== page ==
Friday, May 4 and Sunday, May 6, 2018 at 7:00PM
Harvard Film Archive, 24 Quincy Street, Cambridge, MA 02138The film that made Yujiro Ishihara a star and the Nikkatsu studio solvent, The Stormy Man stars Ishihara as Shoichi Kokubu, a young drummer who employs both his hands and his fists in the Ginza jazz world. His younger brother Eiji supports his ambitions and helps find him a manager in Fukushima Miyako, who is as sassy and smart as she is gorgeous. Their mother, however, is stubbornly opposed to Shoichi’s choice of careers—a constant source of pain for him and of annoyance for the audience.
Miyako takes Shoichi into her spacious Western-style house, where he can practice without disturbance. She also begins to take a more than professional interest in him, while maintaining her all-business facade. He feels the same tug—but his first priority is to beat Charley Sakurada, the best drummer in the Ginza and an arrogant wit with gang connections.
Released in the peak New Year’s season, The Stormy Man became the third biggest box-office hit of 1957. It also solidified Inoue’s reputation as a maker of hit musicals. For its young audience, who clapped and cheered as Ishihara sang “Ore wa dorama, yakuza na dorama” (“I’m a drummer, a no-good drummer”), the film was an event, a generational marker, and a much-revived classic. Today it still packs musical excitement—and presents Japan’s premier movie star at his most charismatic. Inoue remade the film for Shaw Brothers in Hong Kong as King Drummer (1967). – Adapted from Mark Schilling in Asia Sings! A Survey of Asian Musical Films.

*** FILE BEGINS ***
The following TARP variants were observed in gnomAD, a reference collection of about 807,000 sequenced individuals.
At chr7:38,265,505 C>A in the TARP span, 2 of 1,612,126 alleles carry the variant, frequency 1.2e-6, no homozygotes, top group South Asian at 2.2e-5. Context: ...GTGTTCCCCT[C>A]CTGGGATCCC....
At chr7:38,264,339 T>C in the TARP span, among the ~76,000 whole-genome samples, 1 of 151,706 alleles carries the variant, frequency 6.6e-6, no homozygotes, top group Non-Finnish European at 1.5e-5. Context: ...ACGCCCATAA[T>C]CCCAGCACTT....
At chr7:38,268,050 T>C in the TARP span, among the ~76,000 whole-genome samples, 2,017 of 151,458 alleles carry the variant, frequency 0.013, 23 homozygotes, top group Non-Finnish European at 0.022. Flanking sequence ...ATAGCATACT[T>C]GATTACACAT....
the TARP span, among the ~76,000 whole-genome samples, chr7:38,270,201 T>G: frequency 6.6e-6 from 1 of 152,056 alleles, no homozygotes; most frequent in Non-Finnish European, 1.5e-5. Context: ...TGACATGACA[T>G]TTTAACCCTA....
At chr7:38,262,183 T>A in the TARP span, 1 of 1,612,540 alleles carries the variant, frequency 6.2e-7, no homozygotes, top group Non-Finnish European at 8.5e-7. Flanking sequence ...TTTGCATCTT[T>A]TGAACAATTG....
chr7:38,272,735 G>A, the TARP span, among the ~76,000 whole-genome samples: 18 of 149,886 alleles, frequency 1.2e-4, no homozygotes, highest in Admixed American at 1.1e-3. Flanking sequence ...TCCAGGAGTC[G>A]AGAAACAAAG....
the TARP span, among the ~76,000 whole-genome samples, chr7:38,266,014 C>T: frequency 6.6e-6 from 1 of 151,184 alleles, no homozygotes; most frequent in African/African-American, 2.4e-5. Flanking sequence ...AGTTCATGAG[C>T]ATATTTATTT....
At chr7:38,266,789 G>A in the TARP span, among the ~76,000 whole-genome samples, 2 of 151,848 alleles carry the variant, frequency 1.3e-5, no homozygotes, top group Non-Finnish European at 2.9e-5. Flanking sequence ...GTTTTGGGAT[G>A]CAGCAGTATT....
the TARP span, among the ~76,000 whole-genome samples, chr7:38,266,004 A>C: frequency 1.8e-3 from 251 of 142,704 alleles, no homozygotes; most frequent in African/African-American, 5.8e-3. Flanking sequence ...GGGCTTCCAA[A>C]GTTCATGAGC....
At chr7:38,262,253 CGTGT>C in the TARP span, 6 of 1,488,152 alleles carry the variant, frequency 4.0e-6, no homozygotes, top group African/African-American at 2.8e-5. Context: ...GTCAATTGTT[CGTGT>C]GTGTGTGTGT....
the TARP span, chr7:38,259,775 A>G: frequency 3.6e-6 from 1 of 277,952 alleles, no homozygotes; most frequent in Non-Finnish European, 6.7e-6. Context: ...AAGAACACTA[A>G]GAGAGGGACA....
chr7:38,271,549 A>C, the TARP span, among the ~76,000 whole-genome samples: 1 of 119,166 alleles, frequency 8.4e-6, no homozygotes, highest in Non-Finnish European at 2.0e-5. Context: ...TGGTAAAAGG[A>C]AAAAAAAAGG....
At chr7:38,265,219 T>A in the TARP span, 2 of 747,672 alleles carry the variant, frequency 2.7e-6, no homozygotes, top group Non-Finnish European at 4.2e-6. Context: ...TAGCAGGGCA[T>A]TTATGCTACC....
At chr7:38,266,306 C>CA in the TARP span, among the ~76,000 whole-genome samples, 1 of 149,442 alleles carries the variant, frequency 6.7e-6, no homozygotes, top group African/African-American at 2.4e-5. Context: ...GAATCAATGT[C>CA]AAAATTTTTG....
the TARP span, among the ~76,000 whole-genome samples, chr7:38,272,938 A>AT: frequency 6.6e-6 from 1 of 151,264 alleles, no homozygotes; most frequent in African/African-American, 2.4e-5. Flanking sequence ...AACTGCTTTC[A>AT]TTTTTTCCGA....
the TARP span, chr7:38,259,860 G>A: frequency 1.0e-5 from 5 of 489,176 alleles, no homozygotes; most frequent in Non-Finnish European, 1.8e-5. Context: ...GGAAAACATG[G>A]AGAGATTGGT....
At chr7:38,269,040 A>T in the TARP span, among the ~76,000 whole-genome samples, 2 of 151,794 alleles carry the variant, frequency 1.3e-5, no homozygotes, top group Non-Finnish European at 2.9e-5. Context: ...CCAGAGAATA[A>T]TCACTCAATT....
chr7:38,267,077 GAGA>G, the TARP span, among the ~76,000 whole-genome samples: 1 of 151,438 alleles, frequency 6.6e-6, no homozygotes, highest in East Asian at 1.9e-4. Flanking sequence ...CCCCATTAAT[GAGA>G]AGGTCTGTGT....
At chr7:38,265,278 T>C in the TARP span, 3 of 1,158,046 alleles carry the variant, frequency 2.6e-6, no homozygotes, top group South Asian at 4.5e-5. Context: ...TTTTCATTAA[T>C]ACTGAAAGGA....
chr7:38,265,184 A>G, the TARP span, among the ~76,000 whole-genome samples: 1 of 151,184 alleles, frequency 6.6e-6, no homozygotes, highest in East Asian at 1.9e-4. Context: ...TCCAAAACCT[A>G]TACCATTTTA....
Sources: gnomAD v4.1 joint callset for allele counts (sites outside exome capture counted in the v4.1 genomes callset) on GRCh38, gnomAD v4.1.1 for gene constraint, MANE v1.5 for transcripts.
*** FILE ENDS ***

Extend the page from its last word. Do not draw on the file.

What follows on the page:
Directed by Umetsugu Inoue. With Yujiro Ishihara, Kyoji Aoyama, Mie Kitahara
Japan 1957, DCP, color, 101 min. Japanese with English subtitles
General Admission Tickets $9, $7 Non-Harvard Students, Seniors, Harvard Faculty and Staff. Harvard students free. Special event tickets (for in-person appearances) are $12.Tickets go on sale 45 minutes prior to show time. The HFA does not do advance ticket sales.
Curated by Tom Vick and generously funded by the Inoue & Tsukioka Movie Foundation.
Special thanks: Sabrina Baracetti, Thomas Bertacche, Roger Garcia and Mark Schilling—the Far East Film Festival, Udine, Italy and the National Film Archive of Japan, Tokyo.